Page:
Office of the President

The world surrounding college sports is changing rapidly. But sometimes, when change is happening all around us, it indicates we are perhaps not looking hard enough at needed evolution within ourselves.

We talk often about higher education as the bedrock of college sports. Many of the legislative and policy strides we have made in recent years mark true progress in bolstering the value of college sports in developing the next generation of American leaders.

But regardless of whether previous decisions indicate we have our priorities in the right order, the recent announcements of a U.S. Department of Justice investigation of college men’s basketball and the Division I Committee on Infractions ruling on North Carolina have sparked a new distrust among some in the American public. Frankly, no matter what you think of the investigation or the committee decision, many are questioning our ability or willingness, as the stewards of college sports, to do our jobs.

It would be easy – reassuring, even – to think of these as problems limited to Division I men’s basketball and football. But this perception is not a Division I problem. It is not even a revenue-producing sports problem. It belongs to all of us.

If you think your school and your program are insulated from the problems that have led us to this point, consider the culture from which we recruit our college athletes: year-round sports, travel leagues, multiple summer camps, an entire industry built upon promising young people and their families something it may never deliver. Those entities, of course, are not part of college sports as we know it. But to onlookers, we are all one mechanism churning out athletes whose status as students seems an afterthought.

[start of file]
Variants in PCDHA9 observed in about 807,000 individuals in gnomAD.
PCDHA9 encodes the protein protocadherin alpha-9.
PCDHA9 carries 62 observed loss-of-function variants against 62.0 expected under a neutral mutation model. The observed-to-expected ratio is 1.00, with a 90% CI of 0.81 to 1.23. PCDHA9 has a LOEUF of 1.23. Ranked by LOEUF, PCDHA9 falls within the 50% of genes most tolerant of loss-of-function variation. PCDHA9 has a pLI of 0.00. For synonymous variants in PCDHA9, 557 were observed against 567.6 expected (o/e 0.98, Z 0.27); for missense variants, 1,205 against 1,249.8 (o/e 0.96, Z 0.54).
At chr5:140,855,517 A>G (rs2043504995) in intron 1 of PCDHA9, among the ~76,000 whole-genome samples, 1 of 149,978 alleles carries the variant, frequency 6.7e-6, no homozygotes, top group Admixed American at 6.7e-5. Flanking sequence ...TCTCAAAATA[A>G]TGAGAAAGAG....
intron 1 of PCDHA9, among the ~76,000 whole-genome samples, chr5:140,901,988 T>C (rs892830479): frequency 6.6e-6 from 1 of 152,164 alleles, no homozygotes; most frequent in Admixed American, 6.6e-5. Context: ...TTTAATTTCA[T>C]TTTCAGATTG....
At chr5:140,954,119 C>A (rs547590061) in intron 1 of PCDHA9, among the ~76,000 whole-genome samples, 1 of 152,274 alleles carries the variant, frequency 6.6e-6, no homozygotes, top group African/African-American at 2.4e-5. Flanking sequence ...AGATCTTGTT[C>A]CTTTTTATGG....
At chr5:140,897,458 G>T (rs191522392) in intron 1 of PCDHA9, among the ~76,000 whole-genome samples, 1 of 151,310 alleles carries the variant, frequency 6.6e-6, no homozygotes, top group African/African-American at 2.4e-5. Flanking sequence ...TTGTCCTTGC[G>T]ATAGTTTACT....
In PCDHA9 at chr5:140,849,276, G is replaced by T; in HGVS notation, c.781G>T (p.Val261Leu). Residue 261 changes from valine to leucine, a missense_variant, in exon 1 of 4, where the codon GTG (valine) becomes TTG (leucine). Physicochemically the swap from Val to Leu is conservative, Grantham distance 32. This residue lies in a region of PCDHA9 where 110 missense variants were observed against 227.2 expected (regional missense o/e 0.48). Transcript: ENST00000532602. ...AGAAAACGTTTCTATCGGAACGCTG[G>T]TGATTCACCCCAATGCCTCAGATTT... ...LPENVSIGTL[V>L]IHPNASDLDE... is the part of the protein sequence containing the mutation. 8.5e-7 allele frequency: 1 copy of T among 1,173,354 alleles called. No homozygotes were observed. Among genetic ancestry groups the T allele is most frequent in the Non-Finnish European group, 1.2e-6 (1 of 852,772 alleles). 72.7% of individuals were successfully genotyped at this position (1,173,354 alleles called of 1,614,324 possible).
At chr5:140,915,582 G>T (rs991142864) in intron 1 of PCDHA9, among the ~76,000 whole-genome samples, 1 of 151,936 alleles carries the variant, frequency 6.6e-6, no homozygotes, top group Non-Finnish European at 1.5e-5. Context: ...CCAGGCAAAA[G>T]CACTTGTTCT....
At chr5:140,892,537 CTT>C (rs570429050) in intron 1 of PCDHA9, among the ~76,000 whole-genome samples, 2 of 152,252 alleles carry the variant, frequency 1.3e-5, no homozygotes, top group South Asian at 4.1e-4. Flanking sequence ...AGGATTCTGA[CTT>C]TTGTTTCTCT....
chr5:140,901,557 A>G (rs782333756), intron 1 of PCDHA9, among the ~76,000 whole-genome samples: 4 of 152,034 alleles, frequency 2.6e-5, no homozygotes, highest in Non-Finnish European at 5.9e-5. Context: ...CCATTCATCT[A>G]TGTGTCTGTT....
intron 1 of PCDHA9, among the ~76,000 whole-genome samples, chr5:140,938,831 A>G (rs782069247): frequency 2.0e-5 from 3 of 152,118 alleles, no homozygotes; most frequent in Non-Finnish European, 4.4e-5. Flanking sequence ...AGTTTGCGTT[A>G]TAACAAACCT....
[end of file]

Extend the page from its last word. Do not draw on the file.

We are now in a new year, but we are still living under the cloud of the old. The decisions we make and actions we take in 2018 will go a long way in setting the course for the future of college sports. We cannot enter the next basketball season without substantive change.

This fall I received endorsements from the NCAA Board of Governors and the Division I Board of Directors to create an independent Commission on College Basketball. This commission, led by Dr. Condoleezza Rice, is examining the relationships within and around college basketball. Dynamics among youth sports leagues, sports agents, apparel companies, coaches, member schools, college athletes, the NBA, the NCAA national office – including enforcement and the NCAA Eligibility Center – all are under the commission’s review.

Its recommendations are expected in April. Before then, and long after, we must commit to correcting our course and demonstrating that college sports is committed to and guided by the principles of higher education. We accomplish that important task by creating opportunities that are fair to student-athletes, put their academic success in front of athletic performance and prioritize their physical and emotional well-being.

In some aspects of college sports, the fundamental mission of higher education has been distorted. But there is much worth protecting, and we must not lose sight of all the good that happens every day. People still love our games and traditions, and they want us to not only embrace change, but lead it.

Much is at stake as we plan our path forward. Our ideals are already in order; now we must work to practice them in all we do.

Mark Emmert
NCAA President